Unable to have a good night's sleep despite slapping on melatonin patches or sipping on lavender tea? No, you are not in love but you can blame the Coronavirus.
Dr Anshu Punjabi, consultant pulmonologist & sleep medicine expert, Fortis Hospital, Mulund says, "Interestingly, the word “insomnia” was Googled more in 2020 than it ever had been before. Experts call it ‘Coronasomnia’ - a condition caused by pandemic induced stress. But please note, it is not the virus that is causing insomnia but the circumstances."
Sleepless nights have become a norm for many ever since the virus upended many lives across the globe. If it's any consolation, you are not alone in burning the midnight oil.
According to a randomized stud of 150 people conducted in March last year by the International Institute of Sleep Sciences (IISS) in Mumbai, 25-30 per cent of the people were suffering from non-restorative sleep pattern. In fact, another study conducted a few months later in May by top psychiatrists and neurologists in the country revealed that the COVID-19 lockdown was associated with changes in sleep schedule and in the quantity and quality of night-time sleep. These changes are mainly associated with elevated rates of emotional symptoms.
A similar phenomenon was observed across the world. An August 2020 study from the University of Southampton, UK showed that the number of people experiencing Insomnia rose from 1 in 6 to 1 in 4, with more sleep problems in communities including mothers and essential workers.
HOW DOES STRESS IMPAIR SLEEP?
Dr Punjabi adds, "Everything that is going on right now makes people more vulnerable or stress sensitive. This is a vicious cycle! When you lose sleep, your emotions can feel more intense. Your ability to regulate emotions can also become diminished, so existing stressors become more stressful, and the ability to calm down becomes more impaired."
Some of factors that are currently affecting people are:
Worry about loss of job
Stress about financial instability
Fear of the virus
Limited or no work-life balance
Constant worry of improving immunity and health
Disturbed sleep schedules
But these can be easily managed. Dr Punjabi suggests a few tips to help you cope with stress causing Coronasomnia:
STICK TO A ROUTINE: Make sure you have a regular schedule for work, meals, exercise and sleep. Wake up at the same time every morning to help stabilize your circadian rhythm. (The circadian rhythm is how our bodies anticipate when it’s time to sleep and time to wake). Even if you work from home, get showered and dressed as going to work as usual. Sticking to a routine helps.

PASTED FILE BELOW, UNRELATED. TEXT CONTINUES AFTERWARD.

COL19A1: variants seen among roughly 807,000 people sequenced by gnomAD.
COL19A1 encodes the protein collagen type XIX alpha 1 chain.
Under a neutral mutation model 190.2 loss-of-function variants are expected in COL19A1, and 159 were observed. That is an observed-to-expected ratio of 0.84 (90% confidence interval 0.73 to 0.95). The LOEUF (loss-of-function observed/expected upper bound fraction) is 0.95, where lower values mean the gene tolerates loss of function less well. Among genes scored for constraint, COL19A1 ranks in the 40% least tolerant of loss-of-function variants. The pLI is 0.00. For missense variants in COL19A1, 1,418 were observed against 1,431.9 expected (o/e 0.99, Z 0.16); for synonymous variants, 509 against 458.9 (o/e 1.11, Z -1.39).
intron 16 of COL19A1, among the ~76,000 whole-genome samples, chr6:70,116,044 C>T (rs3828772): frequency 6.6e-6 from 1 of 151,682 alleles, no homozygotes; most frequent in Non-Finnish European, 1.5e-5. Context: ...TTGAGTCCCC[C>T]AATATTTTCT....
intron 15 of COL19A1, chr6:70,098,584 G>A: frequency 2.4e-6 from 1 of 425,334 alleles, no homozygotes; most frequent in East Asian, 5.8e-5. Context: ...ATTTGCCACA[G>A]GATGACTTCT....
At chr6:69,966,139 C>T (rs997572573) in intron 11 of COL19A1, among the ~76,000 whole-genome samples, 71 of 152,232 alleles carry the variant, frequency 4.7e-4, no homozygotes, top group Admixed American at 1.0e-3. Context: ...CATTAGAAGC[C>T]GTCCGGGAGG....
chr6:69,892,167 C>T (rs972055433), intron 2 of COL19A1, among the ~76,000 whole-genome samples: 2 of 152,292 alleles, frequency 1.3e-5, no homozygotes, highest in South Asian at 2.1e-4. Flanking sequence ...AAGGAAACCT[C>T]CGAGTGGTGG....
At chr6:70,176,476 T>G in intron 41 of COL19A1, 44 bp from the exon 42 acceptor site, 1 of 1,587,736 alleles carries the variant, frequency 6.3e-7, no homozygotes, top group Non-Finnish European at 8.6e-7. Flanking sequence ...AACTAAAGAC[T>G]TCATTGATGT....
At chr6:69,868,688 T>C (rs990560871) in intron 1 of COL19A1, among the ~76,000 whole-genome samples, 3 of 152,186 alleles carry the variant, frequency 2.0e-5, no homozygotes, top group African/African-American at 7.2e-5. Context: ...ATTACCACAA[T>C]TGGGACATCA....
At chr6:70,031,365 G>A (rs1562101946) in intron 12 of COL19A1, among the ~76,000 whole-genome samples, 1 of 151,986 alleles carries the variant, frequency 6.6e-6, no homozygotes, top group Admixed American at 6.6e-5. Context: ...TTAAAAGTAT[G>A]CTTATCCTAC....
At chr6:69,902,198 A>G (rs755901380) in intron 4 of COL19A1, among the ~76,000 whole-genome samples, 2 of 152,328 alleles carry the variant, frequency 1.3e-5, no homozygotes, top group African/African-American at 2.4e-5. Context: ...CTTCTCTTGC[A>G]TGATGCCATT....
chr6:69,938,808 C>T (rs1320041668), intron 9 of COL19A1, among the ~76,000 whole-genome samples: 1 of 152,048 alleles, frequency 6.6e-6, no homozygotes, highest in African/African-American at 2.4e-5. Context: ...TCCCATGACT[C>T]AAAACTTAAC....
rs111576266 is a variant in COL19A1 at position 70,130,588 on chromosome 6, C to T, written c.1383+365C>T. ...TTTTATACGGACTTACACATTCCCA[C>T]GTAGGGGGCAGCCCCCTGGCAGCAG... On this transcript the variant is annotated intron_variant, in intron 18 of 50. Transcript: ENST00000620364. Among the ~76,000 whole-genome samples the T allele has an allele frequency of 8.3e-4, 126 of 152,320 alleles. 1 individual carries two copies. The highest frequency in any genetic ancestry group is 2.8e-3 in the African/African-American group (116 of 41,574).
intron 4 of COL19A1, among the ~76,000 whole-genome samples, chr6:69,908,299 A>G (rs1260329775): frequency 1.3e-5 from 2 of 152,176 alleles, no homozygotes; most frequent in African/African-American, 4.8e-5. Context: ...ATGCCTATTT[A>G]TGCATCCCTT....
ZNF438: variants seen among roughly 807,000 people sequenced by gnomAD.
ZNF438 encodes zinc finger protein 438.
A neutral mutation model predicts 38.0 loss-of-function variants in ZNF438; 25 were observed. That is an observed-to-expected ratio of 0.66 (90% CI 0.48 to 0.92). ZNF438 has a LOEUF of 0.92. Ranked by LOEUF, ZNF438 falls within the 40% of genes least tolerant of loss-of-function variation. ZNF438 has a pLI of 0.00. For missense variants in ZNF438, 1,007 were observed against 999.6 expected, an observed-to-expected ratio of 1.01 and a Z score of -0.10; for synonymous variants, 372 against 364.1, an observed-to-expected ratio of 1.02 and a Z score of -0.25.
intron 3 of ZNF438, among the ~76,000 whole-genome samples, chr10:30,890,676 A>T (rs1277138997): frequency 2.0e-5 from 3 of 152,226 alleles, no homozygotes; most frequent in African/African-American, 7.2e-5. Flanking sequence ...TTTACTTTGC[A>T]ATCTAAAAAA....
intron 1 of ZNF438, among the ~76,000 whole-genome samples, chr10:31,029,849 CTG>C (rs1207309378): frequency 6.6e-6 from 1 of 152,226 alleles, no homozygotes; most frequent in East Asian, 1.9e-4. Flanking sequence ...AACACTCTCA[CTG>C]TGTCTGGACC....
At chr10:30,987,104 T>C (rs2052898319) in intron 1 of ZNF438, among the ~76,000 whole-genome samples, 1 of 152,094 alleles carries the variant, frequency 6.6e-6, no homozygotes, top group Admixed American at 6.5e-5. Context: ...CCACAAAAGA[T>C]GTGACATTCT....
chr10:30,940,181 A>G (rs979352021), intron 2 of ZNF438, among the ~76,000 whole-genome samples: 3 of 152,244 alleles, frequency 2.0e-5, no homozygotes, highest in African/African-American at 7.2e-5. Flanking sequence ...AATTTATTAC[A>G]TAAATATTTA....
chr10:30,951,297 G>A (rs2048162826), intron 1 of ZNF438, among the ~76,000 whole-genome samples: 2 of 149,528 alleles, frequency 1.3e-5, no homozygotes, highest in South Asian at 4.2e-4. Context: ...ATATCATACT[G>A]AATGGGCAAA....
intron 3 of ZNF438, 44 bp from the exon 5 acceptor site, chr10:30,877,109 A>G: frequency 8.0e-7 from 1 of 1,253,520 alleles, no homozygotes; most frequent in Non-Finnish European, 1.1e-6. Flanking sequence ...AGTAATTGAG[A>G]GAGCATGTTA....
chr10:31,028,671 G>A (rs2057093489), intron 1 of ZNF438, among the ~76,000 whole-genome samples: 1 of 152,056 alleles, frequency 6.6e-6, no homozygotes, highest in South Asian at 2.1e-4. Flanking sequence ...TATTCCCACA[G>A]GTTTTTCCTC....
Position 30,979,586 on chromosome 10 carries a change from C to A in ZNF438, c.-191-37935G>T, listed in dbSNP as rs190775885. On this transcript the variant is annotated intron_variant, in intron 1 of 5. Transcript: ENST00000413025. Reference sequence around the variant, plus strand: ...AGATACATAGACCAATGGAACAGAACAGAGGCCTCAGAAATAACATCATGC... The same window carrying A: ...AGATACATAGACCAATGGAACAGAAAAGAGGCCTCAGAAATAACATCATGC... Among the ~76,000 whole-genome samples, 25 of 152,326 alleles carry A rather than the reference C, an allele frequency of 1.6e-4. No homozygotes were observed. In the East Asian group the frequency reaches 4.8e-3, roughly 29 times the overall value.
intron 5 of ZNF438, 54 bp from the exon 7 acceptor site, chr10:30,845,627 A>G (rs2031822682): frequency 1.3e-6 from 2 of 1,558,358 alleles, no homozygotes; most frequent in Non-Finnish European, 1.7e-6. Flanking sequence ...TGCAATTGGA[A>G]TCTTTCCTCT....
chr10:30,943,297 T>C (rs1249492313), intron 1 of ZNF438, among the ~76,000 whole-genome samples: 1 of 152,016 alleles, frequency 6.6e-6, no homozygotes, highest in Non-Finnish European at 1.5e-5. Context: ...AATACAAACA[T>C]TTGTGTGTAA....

SCHEDULE IN WIND-DOWN TIME: Allocate half an hour to an hour before bed as wind-down time. Listen to soft music, if that help you calm your mind. Keep the lighting dim. Engage in a non-stimulating activity, like listening to calming music, doing crossword puzzles, or reading a good old-fashioned book. Deep breathing exercises are also a great wind-down activity. Bed must be inviting, change bed linen once a week.
STAY AWAY FROM MOBILE PHONES AND LAPTOPS: There is evidence that indicates that blue light from electronics can impact your circadian rhythm, keeping you wide awake when you’re supposed to be feeling tired. Therefore, stay away from mobile phones and laptops. Avoid net surfing just before bedtime.
STAY AWAKE FROM CAFFEINATED BEVERAGES AND ALCOHOL BEFORE BEDTIME: Caffeine from tea and coffee can stay in the body for up to eight hours, which is longer than most people think. Many people think a green tea may help but that’s not true. Alcohol does the same thing to your body.
KEEP A GAP OF AROUND 1 OR 1.5 HOURS BEFORE BEDTIME: It is always good to have a gap between meals and sleep time. It allows your body to digest the food and helps in a good sleep.
DO NOT LOOK AT YOUR CLOCK WHILE IN BED: Set the alarm for your usual wake up hour and then turn the clock around and go to sleep. Watching the minutes ticking by can become an additional stressor, further obstructing your ability to sleep
Despite all these efforts, if you do wake up in the middle of the night, get out of bed. Go to a different room that’s comfortable and quiet and engage in whatever activity you’d be doing during wind-down time. The final goal is to make you feel sleepy again.
Coronasomnia could be experienced temporarily, it is important that you speak to your physician about it, they would suggest simple steps or even medication, to help bring your sleep patterns back to normalcy.